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Sounds Familiar

After years of promise, voice recognition looks like a technology that might finally be coming of age. Peter Day reports.

After years of promise, voice recognition is at last becoming a significant method of using computers and accessing the Internet. Why now, and what difference does it make? Peter Day talks to the companies at the forefront of developments in the field (including Massachusetts-based Nuance, one of the largest makers of voice recognition technology), and asks whether our relationship with machines will change once we have the ability to talk to them.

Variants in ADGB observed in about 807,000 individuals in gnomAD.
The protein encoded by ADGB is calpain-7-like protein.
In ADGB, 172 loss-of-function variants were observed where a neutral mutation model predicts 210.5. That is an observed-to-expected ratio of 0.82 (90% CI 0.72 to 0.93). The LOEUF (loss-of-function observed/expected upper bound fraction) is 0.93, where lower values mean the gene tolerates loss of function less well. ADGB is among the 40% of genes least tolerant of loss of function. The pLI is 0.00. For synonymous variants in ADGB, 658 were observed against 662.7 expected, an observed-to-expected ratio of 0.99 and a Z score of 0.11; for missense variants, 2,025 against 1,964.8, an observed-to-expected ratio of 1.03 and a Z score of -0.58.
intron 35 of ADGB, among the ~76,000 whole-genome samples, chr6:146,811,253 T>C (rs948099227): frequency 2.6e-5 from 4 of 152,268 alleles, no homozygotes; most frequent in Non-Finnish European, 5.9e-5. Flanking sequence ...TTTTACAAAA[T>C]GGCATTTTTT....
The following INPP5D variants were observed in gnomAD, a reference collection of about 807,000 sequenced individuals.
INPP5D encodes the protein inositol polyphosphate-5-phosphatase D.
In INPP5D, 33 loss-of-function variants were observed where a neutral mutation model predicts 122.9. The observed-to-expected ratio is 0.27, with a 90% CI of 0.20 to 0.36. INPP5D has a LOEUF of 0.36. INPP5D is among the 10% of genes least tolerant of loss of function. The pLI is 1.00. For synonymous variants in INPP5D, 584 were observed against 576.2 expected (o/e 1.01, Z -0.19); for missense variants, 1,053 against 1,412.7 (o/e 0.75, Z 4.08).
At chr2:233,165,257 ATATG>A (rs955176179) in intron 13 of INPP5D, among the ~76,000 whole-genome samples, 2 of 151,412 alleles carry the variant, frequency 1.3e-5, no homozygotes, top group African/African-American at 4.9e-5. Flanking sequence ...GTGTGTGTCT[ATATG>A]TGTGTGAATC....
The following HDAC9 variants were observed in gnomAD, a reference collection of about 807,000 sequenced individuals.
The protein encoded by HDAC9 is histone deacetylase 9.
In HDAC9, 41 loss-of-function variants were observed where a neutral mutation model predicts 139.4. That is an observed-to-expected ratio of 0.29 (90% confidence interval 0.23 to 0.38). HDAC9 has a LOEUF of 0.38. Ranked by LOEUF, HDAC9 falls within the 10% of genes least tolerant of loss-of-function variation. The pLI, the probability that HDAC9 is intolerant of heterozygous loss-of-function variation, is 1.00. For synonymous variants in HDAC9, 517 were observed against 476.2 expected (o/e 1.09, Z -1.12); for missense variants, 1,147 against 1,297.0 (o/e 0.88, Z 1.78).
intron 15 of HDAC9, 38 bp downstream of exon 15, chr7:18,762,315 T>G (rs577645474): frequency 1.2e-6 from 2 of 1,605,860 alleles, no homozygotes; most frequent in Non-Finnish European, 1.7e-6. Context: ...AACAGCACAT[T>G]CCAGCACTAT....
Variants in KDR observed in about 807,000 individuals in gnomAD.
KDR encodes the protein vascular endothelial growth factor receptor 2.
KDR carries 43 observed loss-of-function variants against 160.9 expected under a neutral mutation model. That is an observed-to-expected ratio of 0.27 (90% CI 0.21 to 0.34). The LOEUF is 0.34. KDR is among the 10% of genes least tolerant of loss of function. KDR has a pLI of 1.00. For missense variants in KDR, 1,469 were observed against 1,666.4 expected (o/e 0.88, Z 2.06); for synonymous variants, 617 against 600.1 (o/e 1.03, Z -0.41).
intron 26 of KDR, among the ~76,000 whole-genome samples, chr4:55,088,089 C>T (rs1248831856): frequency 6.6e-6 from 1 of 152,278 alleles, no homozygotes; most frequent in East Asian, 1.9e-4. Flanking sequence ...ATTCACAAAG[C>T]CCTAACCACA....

[Picture: The IBM Shoebox, introduced in 1962, could understand 16 words: zero, one, two, three, four, five, six, seven, eight, nine, minus, plus, subtotal, total, false, and off.]

Available now

28 minutes

Last on

Sun 6 Jan 2013 15:32GMT

Contributors to this programme

Vlad Sejnoha

Chief Technology Officer, Nuance


Barry Collins

Editor, PC Pro magazine


Steve Young

Professor of Information Engineering, Cambridge University


Professor Timothy Dawson

Lancashire Teaching Hospitals NHS Trust


Barbara Dumery

Director of Diagnostic Solutions Marketing, Nuance


Sean McGrath

Product Marketing Manager, Nuance


David Nahamoo

Speech Chief Technology Officer, IBM Research


Paul Saffo

Managing Director, Foresight, Discern Analytics


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